Trends of Social Welfare Systems: From Convergence to Attractiveness. An Exploratory Approach.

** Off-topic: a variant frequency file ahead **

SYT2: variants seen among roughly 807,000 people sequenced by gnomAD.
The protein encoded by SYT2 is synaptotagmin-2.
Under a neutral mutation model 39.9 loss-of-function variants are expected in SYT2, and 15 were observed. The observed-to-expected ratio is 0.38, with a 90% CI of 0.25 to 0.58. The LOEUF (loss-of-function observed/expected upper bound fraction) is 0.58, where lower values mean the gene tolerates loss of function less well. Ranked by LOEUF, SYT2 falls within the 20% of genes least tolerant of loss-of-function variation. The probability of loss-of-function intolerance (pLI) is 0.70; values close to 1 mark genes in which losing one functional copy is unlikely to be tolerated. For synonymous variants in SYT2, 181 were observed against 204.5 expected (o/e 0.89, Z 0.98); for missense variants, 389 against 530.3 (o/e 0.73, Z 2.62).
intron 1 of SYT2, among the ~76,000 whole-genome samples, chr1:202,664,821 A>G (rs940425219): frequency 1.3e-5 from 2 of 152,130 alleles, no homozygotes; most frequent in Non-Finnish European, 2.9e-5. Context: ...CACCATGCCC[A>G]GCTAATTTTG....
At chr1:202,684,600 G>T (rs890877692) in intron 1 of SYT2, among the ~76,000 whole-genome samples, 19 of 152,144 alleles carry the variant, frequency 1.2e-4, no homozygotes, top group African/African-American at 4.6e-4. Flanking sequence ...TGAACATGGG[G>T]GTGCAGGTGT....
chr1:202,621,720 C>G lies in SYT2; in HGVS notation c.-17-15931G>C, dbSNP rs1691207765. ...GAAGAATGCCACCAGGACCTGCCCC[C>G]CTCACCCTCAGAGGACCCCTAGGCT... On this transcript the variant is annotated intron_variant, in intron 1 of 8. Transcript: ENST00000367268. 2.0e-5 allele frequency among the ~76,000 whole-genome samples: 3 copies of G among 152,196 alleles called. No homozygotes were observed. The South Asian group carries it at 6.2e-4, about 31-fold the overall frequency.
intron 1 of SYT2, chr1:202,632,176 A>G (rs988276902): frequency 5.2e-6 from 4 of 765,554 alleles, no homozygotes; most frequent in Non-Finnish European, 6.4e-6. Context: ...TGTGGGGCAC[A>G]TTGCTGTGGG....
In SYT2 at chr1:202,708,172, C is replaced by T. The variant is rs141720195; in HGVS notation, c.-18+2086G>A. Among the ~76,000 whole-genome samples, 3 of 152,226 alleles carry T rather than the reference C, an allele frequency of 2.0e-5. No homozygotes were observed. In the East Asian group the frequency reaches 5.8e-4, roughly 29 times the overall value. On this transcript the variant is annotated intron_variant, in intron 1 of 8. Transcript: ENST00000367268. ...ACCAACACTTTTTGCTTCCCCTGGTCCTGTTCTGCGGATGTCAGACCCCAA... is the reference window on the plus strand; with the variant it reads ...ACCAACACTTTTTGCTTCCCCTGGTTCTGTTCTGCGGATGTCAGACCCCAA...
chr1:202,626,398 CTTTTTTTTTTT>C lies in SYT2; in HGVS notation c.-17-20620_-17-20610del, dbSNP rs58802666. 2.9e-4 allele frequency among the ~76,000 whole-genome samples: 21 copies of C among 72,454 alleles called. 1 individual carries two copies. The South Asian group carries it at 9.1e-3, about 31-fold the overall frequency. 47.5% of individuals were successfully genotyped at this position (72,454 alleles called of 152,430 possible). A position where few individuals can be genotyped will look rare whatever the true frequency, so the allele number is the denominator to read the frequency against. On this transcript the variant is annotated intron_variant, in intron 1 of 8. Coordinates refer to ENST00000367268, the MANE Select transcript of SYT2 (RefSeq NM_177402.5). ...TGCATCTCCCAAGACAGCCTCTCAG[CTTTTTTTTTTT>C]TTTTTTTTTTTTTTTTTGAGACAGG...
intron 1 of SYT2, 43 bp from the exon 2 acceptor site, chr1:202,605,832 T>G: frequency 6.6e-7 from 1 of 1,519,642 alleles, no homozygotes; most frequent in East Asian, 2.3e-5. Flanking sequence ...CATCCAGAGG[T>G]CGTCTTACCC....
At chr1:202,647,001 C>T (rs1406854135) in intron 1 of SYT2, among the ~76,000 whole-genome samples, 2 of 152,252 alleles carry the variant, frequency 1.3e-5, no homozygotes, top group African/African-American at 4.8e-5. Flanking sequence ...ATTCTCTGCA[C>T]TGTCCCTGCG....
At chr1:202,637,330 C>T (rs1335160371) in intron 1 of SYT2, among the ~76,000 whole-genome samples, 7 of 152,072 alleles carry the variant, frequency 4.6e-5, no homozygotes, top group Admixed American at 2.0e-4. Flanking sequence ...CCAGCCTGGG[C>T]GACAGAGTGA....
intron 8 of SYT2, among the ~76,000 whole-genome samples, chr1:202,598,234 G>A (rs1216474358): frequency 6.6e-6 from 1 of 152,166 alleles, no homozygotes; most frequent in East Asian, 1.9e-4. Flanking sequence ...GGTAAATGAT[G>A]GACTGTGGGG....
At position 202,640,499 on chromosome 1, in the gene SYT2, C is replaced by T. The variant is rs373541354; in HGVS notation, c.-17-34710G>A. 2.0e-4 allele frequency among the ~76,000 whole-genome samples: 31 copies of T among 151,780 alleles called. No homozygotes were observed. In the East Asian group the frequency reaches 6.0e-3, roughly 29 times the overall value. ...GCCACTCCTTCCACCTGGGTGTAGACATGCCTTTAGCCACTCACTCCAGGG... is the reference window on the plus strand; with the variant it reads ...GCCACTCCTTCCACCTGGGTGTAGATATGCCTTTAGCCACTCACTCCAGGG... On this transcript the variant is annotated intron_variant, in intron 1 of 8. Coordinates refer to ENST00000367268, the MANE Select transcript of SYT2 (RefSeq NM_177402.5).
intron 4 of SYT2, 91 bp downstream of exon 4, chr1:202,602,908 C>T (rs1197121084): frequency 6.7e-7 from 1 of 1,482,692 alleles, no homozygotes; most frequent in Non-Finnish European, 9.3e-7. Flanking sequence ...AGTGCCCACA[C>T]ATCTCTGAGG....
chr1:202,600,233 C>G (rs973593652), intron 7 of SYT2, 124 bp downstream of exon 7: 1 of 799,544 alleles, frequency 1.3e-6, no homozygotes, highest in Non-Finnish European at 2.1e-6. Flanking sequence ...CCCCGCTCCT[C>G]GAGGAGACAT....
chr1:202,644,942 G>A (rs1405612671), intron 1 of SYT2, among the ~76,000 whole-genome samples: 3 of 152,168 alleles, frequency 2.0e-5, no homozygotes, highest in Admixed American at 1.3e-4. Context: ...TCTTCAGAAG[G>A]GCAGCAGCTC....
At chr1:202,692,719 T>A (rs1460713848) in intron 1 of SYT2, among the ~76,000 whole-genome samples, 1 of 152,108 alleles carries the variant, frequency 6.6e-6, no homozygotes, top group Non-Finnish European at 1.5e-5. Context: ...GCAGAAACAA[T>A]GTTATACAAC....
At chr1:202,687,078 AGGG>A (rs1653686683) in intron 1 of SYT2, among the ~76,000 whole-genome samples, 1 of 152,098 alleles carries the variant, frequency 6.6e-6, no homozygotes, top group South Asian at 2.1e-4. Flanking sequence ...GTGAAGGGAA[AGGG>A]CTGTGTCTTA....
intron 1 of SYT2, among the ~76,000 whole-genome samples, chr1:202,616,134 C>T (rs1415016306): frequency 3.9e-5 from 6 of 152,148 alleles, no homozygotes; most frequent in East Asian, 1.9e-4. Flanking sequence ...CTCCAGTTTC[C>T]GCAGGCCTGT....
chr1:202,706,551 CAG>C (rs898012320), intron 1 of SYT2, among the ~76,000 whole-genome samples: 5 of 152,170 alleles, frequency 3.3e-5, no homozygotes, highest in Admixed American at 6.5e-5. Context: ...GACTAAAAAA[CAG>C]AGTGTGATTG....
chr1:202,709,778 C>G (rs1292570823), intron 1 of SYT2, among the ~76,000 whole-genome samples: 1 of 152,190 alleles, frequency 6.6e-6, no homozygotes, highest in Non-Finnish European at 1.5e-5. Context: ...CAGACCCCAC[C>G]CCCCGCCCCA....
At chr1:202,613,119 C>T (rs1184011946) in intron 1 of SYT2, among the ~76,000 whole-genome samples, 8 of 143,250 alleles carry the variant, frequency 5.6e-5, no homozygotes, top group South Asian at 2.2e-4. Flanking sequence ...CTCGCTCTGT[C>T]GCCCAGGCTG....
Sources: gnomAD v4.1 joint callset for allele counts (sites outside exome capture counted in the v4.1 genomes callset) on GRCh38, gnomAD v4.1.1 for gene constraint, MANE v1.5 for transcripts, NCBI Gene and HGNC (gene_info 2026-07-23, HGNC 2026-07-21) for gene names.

The analyses of the national reforms in the welfare states over the last decades were partly focused on this notion of convergence. In the eighties and the nineties, the transformation in many welfare states provided a literature on the retrenchment of the welfare states which explained the trends as a bottom race or a downward convergence. The economic literature has provided a large range of measurements of convergence in per capita GDP between countries. These indicators have mainly been based on the deviation measurement (σ-convergence), the differences between growth rates (β-convergence), or the changes in the ranks of countries (γ-convergence). The analyses on the convergence/divergence in the social welfare states often used the same indicators as in economic studies. In this exploratory paper we would like to re-think the measurement of convergence on the basis of attractiveness between pairs of countries because many national reforms have been inspired by the existence of specific policies in some leading countries which became 'models' for the other ones. This paper proposes a methodology for distinguishing the countries which are attracted by some other ones, from the countries which are attractors (models). The first results on OECD data partly contradict the idea of a downward convergence of the social welfare states in the eighties and the nineties.